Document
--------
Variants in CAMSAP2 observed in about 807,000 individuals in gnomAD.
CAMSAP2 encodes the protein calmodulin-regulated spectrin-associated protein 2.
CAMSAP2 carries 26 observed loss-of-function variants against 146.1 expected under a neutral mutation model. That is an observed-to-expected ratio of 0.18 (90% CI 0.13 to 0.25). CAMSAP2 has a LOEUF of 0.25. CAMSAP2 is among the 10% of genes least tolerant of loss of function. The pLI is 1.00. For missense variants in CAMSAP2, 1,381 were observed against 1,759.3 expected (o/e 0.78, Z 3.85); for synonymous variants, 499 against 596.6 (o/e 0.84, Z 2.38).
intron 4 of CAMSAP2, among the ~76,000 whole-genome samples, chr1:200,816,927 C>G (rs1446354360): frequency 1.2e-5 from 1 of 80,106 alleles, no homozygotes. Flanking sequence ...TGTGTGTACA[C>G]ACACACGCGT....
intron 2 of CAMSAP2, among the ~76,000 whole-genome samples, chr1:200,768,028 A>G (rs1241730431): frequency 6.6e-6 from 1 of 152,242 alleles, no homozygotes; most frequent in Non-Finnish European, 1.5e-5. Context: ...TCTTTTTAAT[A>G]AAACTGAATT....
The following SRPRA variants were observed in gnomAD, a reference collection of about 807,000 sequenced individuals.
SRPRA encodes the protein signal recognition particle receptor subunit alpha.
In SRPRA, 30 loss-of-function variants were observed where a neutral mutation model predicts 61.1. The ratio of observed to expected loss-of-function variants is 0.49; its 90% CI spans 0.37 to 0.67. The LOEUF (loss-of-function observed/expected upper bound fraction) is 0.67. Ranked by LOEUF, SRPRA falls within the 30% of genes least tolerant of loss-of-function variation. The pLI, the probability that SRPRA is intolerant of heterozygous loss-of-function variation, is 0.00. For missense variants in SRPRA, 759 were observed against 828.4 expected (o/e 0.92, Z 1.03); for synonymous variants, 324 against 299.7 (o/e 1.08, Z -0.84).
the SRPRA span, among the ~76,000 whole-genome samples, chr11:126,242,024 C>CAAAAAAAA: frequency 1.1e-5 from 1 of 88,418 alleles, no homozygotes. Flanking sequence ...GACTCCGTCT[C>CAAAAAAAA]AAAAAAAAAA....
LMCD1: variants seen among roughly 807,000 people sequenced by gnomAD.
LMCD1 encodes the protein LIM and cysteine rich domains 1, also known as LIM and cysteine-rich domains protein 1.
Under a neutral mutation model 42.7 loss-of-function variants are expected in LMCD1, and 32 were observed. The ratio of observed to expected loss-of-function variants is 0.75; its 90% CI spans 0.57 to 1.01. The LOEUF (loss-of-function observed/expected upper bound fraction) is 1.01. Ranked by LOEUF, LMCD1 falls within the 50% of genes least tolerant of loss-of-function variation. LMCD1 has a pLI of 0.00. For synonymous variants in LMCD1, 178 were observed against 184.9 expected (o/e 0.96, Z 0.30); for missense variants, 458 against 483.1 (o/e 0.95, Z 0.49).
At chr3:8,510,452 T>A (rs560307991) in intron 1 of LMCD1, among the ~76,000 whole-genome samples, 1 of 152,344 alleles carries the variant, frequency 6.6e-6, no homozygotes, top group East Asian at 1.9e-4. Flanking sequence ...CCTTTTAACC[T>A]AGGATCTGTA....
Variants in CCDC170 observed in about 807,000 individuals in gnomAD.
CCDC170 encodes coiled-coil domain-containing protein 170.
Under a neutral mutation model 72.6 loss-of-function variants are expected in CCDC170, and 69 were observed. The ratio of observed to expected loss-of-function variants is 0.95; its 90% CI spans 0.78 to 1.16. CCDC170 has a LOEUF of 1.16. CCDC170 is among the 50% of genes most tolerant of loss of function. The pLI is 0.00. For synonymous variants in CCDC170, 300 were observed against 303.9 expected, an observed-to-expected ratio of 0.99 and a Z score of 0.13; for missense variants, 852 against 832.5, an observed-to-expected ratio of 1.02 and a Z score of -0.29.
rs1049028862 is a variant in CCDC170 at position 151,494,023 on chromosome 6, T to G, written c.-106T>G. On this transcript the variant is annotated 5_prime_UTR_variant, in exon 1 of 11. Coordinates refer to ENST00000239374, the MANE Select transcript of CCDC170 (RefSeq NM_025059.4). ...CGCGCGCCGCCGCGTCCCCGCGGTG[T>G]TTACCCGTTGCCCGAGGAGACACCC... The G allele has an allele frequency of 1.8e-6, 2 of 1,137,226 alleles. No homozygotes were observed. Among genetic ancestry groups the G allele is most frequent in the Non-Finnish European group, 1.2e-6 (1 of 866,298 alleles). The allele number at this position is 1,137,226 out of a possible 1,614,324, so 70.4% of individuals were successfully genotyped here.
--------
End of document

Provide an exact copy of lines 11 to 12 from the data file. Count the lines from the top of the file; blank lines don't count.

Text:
LMCD1 encodes the protein LIM and cysteine rich domains 1, also known as LIM and cysteine-rich domains protein 1.
Under a neutral mutation model 42.7 loss-of-function variants are expected in LMCD1, and 32 were observed. The ratio of observed to expected loss-of-function variants is 0.75; its 90% CI spans 0.57 to 1.01. The LOEUF (loss-of-function observed/expected upper bound fraction) is 1.01. Ranked by LOEUF, LMCD1 falls within the 50% of genes least tolerant of loss-of-function variation. LMCD1 has a pLI of 0.00. For synonymous variants in LMCD1, 178 were observed against 184.9 expected (o/e 0.96, Z 0.30); for missense variants, 458 against 483.1 (o/e 0.95, Z 0.49).